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Ted King here. We thought it was time to profile a few of our clients and what better person to begin than Jay Butler, the first guest to sign up for what I liked to call the Ted King California Wine Sluggin’ Weekender. Admittedly, that’s not the actual name of the tour, but that covered the ground rules of that escapade. We just wrapped up a similar outing three years later here in Paso Robles – a gathering of the inGamba family, both old and new. Jay has been part of this family from the beginning, so we sat down for a chat to see what he really thinks of the whole experience.


Name? Jay Butler.

Occupation? Financial Services Executive.

Number of inGamba trips you’ve taken:

More than 10. I’ve been part of the inGamba experience since close to the beginning. I remember João’s tweet and saying to myself, ‘Now that would be fun!’ While we weren’t able to go on that trip, our first trip was the couples trip to Lecchi with Heidi Swift. It’s a real winner. Very special to share Tuscany, Lecchi, cycling and the whole inGamba experience as a couple. Kerri had a delightful time and was sold on the inGamba way as much as I was.

Your love for the bike is palpable, Jay. You have an ear to ear smile the moment you step over the bike that goes strong straight to the end of a five hour day. What do you chalk that up to?

I have a great time riding my bike every time I go out. I always have an adventure even if it’s the same local route that I’ve done a hundred times. Bikes introduce you to great people, great places and get you to connect with the world around you in a very different way. It’s pretty easy to smile, when you’re doing something you enjoy, getting to see some new or different, and experience places and sensations that you’ve never experienced before! Riding with inGamba makes riding the whole deal extra special. The locations, the equipment, and the whole inGamba team makes riding with them a truly memorable and smile inducing day.

Jay, you work in banking. As a man who crunches numbers all day, how do numbers work into your training? Because as your friend (and coach), I’m pleased to tell everyone that you’re flying right now.

I admit it, I’m a total data nerd. Particularly with my hectic schedule, efficient training is essential. During the week, I have to maximize my time to get the result into the compressed time period I have available. Having a great coach to help along the way and get the results I want helps tremendously too (shameless plug for you there!). During the week, I like to have objectives for every ride, execute against them, and then I like to analyze my progress against my targets minutely. I particularly like to do the comparisons against previous efforts. Naturally, Zwift, Strava, veloviewer, Training Peaks, WKO 4, and Golden Cheetah get heavy use. Why all of them? Well, because it’s also kind of fun to play with the tech toys out there.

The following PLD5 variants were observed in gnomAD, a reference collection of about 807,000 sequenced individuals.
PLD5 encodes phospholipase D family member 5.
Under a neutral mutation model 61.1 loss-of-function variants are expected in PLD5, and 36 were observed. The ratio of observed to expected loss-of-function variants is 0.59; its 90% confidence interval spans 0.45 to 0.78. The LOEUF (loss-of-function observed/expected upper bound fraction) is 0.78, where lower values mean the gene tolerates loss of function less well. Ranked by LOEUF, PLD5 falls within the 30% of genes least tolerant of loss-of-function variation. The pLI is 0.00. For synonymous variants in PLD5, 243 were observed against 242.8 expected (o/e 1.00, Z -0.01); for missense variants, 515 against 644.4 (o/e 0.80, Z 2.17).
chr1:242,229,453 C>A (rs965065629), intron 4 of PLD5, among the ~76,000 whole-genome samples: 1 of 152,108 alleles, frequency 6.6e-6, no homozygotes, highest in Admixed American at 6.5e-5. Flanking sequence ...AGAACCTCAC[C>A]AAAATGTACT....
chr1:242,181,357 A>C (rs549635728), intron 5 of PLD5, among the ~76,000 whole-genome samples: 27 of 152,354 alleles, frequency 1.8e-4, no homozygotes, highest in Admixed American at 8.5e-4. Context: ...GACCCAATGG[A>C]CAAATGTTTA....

What’s the most memorable place your bike has taken you? Although perfectly acceptable, your answer need not be literal.

Literally, the most fantastic place a bike has taken me is to Portugal. Someplace that I would not think of going and exploring on my own. But with the inGamba Team I had my eyes opened to the unique landscape and riding there. Really great food, wine and cycling with awesome properties. Really got to experience a different place.

In a philosophical sense, cycling has taken me back to a place when I was much younger. I spent a while in the military and as a result my body got pretty beat up and I couldn’t participate in a lot of the sports activities that I enjoyed previously in the manner that I liked. I discovered and migrated over to cycling as a way to stay active, healthy and engaged. It has taken a bit of time to really learn how to ride a bike well (and I still have miles to go) but I really enjoy the journey of learning and discovery that happens when I get to commit to something as simple and as complex as riding a bike.

Again, as both your coach and friend talking, it’s time to ask the hard-hitting questions: what’s your strongest attribute on the bike?

Well, I’m not sure this is a strength, but, I think of myself as a grinder. I really just don’t quit. I learned early on in my professional life, that you will frequently fail, so get used to it. But just don’t quit, keep trying, keep working, keep making progress. No matter how many times you get knocked down, get back up and have another go.

Cycling for me is very much the epitome of that philosophy. There is always someone faster, more talented or better on the bike than you are today. So, I keep working, keep figuring out how to be better, and what I can do to improve, and then maybe I’ll be able to stick with the fast group on a hammerfest, or hang with the climbers when those skinny bitches take off, or take that sprint every once in a while.

I don’t like the word weak. So what’s your least strong attribute on the bike?

Hmmm, some might say lacking any natural talent whatsoever …

How about your strongest, and weakest, attribute off the bike?

Strongest: I have a knack for being able to look at things and figuring out how to make them better (well sometimes anyway), and building a high-performing team to get stuff done that needs to get done that has frequently stymies others groups previously.

Weakest: Probably should ask Kerri this one … If you ask me, I’m perfect in every way.

And only because it’s appropriate because you witnessed my interview with the one and only Jim Merithew, when this question caused quite a stir: toilet paper, over or under?

Over, of course! Is there any other way?